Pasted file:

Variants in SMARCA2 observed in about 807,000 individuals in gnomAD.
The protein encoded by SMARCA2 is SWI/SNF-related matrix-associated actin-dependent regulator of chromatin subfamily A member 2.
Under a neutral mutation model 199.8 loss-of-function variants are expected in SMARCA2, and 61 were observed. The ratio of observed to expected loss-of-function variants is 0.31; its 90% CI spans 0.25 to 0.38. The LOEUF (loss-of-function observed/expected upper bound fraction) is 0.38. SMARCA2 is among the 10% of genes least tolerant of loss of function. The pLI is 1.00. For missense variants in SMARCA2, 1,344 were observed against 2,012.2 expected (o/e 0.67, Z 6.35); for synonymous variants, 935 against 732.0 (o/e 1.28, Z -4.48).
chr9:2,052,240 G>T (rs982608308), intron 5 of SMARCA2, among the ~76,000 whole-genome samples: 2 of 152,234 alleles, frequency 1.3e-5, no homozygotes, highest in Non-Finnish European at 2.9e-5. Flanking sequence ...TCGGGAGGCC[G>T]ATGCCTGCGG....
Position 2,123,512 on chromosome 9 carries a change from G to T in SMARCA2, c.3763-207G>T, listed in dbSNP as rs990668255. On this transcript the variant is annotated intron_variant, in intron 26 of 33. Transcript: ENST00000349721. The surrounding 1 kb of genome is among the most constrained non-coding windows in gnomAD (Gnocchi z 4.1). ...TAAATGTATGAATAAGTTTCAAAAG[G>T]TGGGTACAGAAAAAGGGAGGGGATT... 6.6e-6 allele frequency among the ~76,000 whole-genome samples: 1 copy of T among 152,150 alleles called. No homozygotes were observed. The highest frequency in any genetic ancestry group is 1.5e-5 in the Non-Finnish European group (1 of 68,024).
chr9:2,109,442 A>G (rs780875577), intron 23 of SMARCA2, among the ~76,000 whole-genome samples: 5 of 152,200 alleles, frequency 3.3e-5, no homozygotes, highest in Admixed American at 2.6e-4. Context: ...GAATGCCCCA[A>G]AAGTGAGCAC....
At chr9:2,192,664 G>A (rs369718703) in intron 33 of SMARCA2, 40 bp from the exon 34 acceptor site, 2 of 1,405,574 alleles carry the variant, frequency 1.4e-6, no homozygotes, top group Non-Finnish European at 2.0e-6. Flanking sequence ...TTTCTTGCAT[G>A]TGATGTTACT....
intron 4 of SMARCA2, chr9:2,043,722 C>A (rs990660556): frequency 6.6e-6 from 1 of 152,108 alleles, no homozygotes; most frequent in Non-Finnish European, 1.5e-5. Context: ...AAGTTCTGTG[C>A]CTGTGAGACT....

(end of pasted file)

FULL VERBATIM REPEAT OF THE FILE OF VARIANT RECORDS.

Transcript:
Variants in SMARCA2 observed in about 807,000 individuals in gnomAD.
The protein encoded by SMARCA2 is SWI/SNF-related matrix-associated actin-dependent regulator of chromatin subfamily A member 2.
Under a neutral mutation model 199.8 loss-of-function variants are expected in SMARCA2, and 61 were observed. The ratio of observed to expected loss-of-function variants is 0.31; its 90% CI spans 0.25 to 0.38. The LOEUF (loss-of-function observed/expected upper bound fraction) is 0.38. SMARCA2 is among the 10% of genes least tolerant of loss of function. The pLI is 1.00. For missense variants in SMARCA2, 1,344 were observed against 2,012.2 expected (o/e 0.67, Z 6.35); for synonymous variants, 935 against 732.0 (o/e 1.28, Z -4.48).
chr9:2,052,240 G>T (rs982608308), intron 5 of SMARCA2, among the ~76,000 whole-genome samples: 2 of 152,234 alleles, frequency 1.3e-5, no homozygotes, highest in Non-Finnish European at 2.9e-5. Flanking sequence ...TCGGGAGGCC[G>T]ATGCCTGCGG....
Position 2,123,512 on chromosome 9 carries a change from G to T in SMARCA2, c.3763-207G>T, listed in dbSNP as rs990668255. On this transcript the variant is annotated intron_variant, in intron 26 of 33. Transcript: ENST00000349721. The surrounding 1 kb of genome is among the most constrained non-coding windows in gnomAD (Gnocchi z 4.1). ...TAAATGTATGAATAAGTTTCAAAAG[G>T]TGGGTACAGAAAAAGGGAGGGGATT... 6.6e-6 allele frequency among the ~76,000 whole-genome samples: 1 copy of T among 152,150 alleles called. No homozygotes were observed. The highest frequency in any genetic ancestry group is 1.5e-5 in the Non-Finnish European group (1 of 68,024).
chr9:2,109,442 A>G (rs780875577), intron 23 of SMARCA2, among the ~76,000 whole-genome samples: 5 of 152,200 alleles, frequency 3.3e-5, no homozygotes, highest in Admixed American at 2.6e-4. Context: ...GAATGCCCCA[A>G]AAGTGAGCAC....
At chr9:2,192,664 G>A (rs369718703) in intron 33 of SMARCA2, 40 bp from the exon 34 acceptor site, 2 of 1,405,574 alleles carry the variant, frequency 1.4e-6, no homozygotes, top group Non-Finnish European at 2.0e-6. Flanking sequence ...TTTCTTGCAT[G>A]TGATGTTACT....
intron 4 of SMARCA2, chr9:2,043,722 C>A (rs990660556): frequency 6.6e-6 from 1 of 152,108 alleles, no homozygotes; most frequent in Non-Finnish European, 1.5e-5. Context: ...AAGTTCTGTG[C>A]CTGTGAGACT....